Capitalism has produced more stuff than past generations could ever have dreamed, but all these things are quickly used up and wasted in behemothian quantities. Such rubbish becomes part of the planet’s topography, enters into its ecological systems, and eventually returns to the human sphere of interaction—much to human detriment. This is zombie archaeology; when the remnants of our past are not uncovered by human beings but return to us by themselves with a vengeance. In this age of capitalism-induced ecological collapse, zombie archaeology is certain to become only increasingly suited for describing the world. Walter Benjamin, in his Theses on the Philosophy of History, writes of Paul Klee’s Angelus Novus,
This is how one pictures the angel of history. His face is turned toward the past. Where we perceive a chain of events, he sees one single catastrophe which keeps piling wreckage upon wreckage and hurls it in front of his feet. The angel would like to stay, awaken the dead, and make whole what has been smashed. But…[t]he storm irresistibly propels him into the future to which his back is turned, while the pile of debris before him grows skyward.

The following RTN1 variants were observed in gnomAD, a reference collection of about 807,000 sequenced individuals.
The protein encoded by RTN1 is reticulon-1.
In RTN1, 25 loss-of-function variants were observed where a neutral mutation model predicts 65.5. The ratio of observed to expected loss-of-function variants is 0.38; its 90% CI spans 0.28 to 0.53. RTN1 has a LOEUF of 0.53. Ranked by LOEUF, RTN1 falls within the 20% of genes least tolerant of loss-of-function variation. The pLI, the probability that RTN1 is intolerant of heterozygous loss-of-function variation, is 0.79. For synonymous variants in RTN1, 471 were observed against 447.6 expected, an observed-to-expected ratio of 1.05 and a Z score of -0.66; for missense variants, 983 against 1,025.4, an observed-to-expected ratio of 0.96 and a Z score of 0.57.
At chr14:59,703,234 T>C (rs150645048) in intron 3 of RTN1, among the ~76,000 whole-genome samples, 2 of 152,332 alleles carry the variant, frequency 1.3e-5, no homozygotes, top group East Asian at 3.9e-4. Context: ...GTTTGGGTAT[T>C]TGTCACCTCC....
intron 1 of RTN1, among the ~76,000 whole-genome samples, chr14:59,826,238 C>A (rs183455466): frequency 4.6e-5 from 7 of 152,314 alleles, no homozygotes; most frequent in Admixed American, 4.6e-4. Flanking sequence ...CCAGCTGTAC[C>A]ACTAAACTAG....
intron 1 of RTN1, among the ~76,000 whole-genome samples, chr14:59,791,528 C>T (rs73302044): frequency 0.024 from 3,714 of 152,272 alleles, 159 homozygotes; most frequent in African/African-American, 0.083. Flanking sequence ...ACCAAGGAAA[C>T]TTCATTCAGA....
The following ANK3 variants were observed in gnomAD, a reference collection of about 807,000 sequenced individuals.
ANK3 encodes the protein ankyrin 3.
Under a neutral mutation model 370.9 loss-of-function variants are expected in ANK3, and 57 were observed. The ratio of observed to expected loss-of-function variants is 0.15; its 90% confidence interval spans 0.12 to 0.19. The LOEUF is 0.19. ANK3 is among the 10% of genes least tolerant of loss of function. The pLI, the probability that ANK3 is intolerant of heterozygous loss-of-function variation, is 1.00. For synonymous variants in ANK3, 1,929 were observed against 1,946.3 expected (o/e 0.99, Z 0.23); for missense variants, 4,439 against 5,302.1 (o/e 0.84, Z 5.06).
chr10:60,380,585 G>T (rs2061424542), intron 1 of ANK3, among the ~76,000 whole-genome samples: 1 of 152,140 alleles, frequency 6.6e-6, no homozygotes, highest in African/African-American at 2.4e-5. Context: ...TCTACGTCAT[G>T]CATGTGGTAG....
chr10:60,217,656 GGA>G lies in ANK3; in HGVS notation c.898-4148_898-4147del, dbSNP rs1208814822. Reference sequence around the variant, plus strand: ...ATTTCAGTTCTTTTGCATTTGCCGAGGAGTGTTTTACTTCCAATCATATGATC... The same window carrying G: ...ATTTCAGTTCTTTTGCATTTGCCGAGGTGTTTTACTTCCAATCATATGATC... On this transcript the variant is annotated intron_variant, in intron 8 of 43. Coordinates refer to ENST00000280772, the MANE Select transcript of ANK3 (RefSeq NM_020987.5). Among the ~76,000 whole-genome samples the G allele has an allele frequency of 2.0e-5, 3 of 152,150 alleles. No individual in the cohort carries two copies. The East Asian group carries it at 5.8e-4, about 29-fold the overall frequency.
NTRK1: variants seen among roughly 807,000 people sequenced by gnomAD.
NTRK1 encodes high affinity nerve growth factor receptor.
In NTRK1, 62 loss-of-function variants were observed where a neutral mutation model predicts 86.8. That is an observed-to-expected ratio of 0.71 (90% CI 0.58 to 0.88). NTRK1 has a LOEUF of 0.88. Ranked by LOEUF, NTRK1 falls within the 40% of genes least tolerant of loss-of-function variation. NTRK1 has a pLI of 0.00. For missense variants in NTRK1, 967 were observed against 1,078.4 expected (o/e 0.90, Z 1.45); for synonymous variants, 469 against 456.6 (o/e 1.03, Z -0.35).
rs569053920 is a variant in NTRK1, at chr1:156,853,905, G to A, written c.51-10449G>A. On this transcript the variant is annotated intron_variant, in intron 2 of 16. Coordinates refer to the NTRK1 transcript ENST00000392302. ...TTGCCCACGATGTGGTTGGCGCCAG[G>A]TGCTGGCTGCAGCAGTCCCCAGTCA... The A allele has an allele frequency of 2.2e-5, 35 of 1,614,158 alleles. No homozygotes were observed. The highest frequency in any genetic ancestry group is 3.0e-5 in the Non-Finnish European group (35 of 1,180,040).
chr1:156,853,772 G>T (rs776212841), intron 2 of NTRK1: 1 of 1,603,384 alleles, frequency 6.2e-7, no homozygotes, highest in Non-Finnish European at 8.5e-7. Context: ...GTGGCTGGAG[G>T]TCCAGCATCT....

But what happens when the wreckage and debris—both literal and figurative—begin shambling towards the present? When the dead are, in a sense, awakened? Zombie archaeology poses these questions.
8/16/20: In the second paragraph, I seem to imply that Shanks’s approach to archaeology grants no agency to non-human objects despite its “active engagement” with them. However, he very openly writes that “[t]things and artifacts are material compositions, and can hold agency, affecting the (human) world around them, in organic symbiosis.” My intention was not to misrepresent Shanks’s position regarding this (particularly because it is quite similar to the point I am attempting to make), but rather to invert the normal conception of archaeology—with objects ‘seeking us out’ instead of the conventional reverse—so this amendment feels necessary. However, as must be obvious this piece is not really about actual archaeology at all (just as it is not really about actual zombies) but is rather an implicit case for some form of anti-consumerism and degrowth through the lens of environmental philosophy and ‘new materialism.’